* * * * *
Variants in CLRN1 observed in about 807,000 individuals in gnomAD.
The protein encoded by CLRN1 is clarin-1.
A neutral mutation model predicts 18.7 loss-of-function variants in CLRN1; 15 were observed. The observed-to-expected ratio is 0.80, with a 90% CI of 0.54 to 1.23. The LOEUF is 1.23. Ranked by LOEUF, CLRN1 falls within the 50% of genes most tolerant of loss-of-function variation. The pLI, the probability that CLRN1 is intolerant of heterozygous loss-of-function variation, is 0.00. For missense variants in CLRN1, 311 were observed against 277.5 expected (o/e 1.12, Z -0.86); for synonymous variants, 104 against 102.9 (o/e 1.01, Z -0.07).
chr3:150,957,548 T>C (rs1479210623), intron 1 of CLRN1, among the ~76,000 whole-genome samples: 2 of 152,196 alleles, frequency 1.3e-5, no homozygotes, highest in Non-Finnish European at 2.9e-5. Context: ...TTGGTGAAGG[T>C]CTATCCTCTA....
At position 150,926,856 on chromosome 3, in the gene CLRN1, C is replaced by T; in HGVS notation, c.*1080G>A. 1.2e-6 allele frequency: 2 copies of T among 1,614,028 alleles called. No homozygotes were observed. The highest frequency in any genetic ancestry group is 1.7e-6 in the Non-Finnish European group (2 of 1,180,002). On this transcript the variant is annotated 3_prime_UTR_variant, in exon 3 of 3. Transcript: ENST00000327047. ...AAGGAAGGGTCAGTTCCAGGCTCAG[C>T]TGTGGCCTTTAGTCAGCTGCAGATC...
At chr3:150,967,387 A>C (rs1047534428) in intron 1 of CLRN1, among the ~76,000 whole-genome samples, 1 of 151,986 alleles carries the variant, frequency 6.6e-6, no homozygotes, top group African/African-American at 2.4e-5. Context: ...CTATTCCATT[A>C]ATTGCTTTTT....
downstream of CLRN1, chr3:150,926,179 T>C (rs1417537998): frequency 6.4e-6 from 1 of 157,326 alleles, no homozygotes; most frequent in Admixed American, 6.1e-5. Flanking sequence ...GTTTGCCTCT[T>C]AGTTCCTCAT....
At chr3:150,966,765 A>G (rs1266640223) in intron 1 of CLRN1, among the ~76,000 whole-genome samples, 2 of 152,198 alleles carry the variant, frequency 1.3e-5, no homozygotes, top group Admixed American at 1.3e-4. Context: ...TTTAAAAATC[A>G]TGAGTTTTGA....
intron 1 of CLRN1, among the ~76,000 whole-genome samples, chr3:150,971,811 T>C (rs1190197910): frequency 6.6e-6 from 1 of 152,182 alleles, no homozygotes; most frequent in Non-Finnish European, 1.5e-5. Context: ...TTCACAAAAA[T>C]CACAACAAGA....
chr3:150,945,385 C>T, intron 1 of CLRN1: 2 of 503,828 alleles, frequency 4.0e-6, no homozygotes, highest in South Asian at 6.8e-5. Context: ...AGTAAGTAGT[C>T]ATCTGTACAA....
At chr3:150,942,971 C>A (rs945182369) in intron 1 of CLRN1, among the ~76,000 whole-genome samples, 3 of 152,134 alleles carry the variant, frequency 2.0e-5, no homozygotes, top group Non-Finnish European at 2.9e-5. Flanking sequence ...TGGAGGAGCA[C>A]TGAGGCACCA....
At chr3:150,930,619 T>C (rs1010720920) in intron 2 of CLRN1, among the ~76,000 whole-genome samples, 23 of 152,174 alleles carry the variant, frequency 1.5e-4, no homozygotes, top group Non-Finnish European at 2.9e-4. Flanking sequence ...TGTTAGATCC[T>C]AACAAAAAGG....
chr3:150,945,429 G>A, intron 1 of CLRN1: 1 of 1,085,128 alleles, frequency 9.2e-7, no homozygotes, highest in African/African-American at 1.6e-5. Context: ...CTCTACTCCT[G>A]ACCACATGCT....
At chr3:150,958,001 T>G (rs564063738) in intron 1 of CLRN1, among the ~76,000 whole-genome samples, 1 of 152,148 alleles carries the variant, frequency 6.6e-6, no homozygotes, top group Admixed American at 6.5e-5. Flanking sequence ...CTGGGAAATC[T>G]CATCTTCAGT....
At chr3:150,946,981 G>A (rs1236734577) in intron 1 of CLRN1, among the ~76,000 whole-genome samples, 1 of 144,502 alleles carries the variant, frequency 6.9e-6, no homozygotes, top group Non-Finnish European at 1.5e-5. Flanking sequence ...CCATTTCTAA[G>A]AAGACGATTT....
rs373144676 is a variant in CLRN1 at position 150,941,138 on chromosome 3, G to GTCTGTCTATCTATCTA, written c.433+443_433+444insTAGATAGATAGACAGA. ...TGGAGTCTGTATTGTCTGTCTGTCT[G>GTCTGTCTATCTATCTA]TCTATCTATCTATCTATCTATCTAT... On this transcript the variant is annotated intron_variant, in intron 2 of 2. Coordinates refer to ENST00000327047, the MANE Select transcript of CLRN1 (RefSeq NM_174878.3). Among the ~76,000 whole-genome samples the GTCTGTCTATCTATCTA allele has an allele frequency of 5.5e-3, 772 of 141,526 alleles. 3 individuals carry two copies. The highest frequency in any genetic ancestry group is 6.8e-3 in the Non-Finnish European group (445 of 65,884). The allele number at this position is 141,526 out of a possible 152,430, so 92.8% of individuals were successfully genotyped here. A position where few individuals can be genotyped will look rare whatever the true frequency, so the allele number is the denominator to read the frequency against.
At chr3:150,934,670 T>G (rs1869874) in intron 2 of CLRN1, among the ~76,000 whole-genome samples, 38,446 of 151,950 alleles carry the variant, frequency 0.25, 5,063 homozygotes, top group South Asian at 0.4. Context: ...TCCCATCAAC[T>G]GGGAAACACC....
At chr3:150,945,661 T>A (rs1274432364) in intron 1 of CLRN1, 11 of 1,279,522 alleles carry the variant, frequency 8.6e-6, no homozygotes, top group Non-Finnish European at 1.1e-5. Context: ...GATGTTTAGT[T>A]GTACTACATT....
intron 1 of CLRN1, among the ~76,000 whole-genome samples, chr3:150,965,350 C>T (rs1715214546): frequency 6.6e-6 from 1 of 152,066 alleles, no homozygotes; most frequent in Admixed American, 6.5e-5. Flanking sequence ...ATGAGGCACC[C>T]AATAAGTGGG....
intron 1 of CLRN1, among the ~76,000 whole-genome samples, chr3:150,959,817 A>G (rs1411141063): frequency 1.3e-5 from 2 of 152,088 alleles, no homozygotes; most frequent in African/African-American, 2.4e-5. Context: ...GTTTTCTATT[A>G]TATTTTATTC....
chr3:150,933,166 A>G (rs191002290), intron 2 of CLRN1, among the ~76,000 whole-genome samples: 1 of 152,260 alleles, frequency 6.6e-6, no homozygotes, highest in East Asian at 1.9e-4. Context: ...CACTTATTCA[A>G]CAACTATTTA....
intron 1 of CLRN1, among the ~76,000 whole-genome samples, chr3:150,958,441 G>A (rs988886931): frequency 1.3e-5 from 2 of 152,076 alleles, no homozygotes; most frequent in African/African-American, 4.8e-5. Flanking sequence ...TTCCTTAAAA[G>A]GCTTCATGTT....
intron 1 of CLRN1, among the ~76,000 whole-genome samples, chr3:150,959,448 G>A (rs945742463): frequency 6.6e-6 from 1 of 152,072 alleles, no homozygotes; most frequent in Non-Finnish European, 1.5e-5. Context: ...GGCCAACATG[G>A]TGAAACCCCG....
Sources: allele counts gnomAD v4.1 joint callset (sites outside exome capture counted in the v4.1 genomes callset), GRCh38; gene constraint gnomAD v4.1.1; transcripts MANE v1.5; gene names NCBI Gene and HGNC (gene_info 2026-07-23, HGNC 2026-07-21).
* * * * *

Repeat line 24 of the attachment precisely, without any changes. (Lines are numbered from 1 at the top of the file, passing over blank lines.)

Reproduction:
Sources: allele counts gnomAD v4.1 joint callset (sites outside exome capture counted in the v4.1 genomes callset), GRCh38; gene constraint gnomAD v4.1.1; transcripts MANE v1.5; gene names NCBI Gene and HGNC (gene_info 2026-07-23, HGNC 2026-07-21).